Postmemory and resentment

Postmemory and resentment The construction of postmemory is a complex process which may take place in very different ways and, as is worth repeating, is never simply based on transmission, but, rather, implies an active positioning, a decision, on the part of members of a second generation. Such a decision is never simply played out at a strictly rational level, it inevitably presupposes a high degree of emotional involvement.

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30.11.2019 | by António Sousa Ribeiro

Louisiana Unsettled

Louisiana Unsettled What if we accounted for all labor that was put in the development of those lands, both human, and non-human, the living, the inert, and the not-yet-lived, would this then lead us to a new understanding of its environment and its constitution as a disappearing geological strata in flux? Can we interpret how the energetic metabolism speculated around the Mississippi is withholding processes of land recuperation and human health, while privileging forms of dissolved property?

Games Without Borders

27.11.2019 | by Margarida Mendes

Marianne Keating

Marianne Keating Keating accumulates the disregarded and overlooked traces of the Irish presence in Jamaica, inserting previously muted voices into the archive. In doing so, she critiques the dominant Western constructions of nationhood and identity, producing an alternative to the master narratives that shape one’ worldviews in the West.


19.11.2019 | by Miguel Amado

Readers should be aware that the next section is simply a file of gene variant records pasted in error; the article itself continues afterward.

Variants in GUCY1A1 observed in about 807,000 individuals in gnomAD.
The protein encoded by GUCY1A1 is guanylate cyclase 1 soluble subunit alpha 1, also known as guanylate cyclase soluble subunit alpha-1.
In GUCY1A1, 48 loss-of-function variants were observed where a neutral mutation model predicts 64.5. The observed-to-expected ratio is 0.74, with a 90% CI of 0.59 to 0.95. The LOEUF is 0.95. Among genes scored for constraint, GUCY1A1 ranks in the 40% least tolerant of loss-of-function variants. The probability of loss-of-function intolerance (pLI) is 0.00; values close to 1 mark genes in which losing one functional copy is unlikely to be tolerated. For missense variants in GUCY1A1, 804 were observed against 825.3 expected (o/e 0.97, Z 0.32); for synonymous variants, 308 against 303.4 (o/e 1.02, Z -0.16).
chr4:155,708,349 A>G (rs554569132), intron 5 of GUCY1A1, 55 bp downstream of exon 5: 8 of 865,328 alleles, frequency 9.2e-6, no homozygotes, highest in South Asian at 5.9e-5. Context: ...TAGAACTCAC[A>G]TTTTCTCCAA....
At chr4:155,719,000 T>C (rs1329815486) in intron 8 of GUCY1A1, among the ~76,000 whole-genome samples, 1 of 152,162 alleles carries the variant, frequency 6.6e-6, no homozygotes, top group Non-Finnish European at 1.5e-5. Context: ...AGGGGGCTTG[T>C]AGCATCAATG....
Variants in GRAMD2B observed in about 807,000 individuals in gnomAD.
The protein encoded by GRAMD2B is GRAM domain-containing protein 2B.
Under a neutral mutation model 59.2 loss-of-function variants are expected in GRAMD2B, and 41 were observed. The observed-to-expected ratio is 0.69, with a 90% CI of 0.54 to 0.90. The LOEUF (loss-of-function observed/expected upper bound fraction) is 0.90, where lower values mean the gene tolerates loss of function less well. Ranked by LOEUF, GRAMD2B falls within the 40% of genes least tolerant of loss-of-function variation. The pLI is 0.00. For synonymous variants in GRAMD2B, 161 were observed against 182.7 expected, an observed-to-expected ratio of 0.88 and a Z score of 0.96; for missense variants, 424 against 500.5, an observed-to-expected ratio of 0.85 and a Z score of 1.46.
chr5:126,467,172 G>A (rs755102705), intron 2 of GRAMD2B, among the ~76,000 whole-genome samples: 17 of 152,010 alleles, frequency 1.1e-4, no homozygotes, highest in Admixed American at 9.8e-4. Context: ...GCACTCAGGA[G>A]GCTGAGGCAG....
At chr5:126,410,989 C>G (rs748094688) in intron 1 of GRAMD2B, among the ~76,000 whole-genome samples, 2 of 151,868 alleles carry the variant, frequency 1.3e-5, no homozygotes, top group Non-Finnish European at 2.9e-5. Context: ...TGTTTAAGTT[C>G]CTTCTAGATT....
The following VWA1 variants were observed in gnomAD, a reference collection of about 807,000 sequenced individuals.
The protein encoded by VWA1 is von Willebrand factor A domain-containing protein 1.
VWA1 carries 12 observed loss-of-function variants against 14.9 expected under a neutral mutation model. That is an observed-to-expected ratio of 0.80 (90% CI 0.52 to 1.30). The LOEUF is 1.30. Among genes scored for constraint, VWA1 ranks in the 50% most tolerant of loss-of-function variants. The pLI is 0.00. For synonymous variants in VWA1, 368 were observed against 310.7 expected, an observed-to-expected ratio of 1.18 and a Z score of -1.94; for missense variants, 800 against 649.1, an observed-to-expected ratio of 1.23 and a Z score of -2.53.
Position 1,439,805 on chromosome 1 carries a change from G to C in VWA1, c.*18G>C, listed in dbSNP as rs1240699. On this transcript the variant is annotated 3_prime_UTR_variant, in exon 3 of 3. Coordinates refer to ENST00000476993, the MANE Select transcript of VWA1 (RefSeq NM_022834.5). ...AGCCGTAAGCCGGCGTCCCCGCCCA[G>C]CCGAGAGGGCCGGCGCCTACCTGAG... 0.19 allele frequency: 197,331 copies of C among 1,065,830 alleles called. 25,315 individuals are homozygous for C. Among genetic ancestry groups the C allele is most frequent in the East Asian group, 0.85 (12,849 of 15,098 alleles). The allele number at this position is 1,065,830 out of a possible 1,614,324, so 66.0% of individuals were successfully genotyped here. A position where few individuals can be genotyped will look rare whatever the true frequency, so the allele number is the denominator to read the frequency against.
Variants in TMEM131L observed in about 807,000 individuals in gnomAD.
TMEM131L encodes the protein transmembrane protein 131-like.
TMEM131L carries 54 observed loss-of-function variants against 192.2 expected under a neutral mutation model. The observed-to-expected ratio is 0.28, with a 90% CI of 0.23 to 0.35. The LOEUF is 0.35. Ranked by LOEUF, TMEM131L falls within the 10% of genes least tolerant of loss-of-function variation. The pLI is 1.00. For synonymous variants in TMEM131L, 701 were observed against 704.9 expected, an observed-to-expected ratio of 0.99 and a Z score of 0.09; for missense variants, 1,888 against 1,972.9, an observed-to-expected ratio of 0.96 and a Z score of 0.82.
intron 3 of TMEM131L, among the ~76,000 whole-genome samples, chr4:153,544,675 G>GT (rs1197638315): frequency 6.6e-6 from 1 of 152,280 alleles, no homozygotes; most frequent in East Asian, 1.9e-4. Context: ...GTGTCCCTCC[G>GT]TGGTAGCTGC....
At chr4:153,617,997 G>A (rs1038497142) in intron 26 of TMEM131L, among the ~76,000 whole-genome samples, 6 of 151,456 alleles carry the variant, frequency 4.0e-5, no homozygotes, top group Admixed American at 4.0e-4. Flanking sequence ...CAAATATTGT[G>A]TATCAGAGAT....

Cold sweats and furtive listening in Angola

Cold sweats and furtive listening in Angola Historian Marissa Moorman wrote an important book about radio and modern state power. "Only radio receivers can feel radio waves. But people feel radio. Radio, Moorman reminds us, courses through our lives everywhere we go and alongside everything we do."

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15.11.2019 | by Jesse Bucher


Shannon "Mom had this incredible energy. You know science says 'energy cannot be created not destroyed'. The fact that her body has left us doesn't mean she isn't with us. She is everywhere. That's why I got this tattoo: It says 'Death cannot kill'. Though she has left this place, she still continues to teach me a lot".

Face to face

14.11.2019 | by Sinem Taş

Us, them, why? (by way of Paulo Faria)

Us, them, why? (by way of Paulo Faria) ‘The Missing Face’ is a powerful reflection on the war, and above all on the ownership of traumatic experiences of conflict, specifically at the end of Portuguese colonialism in Africa.

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12.11.2019 | by Felipe Cammaert

Museums: the ultimate contact zones

Museums: the ultimate contact zones Museums are democratising, inclusive and polyphonic spaces for critical dialogue about the pasts and the futures. Acknowledging and addressing the conflicts and challenges of the present, they hold artefacts and specimens in trust for society, safeguard diverse memories for future generations and guarantee equal rights and equal access to heritage for all people.

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07.11.2019 | by António Pinto Ribeiro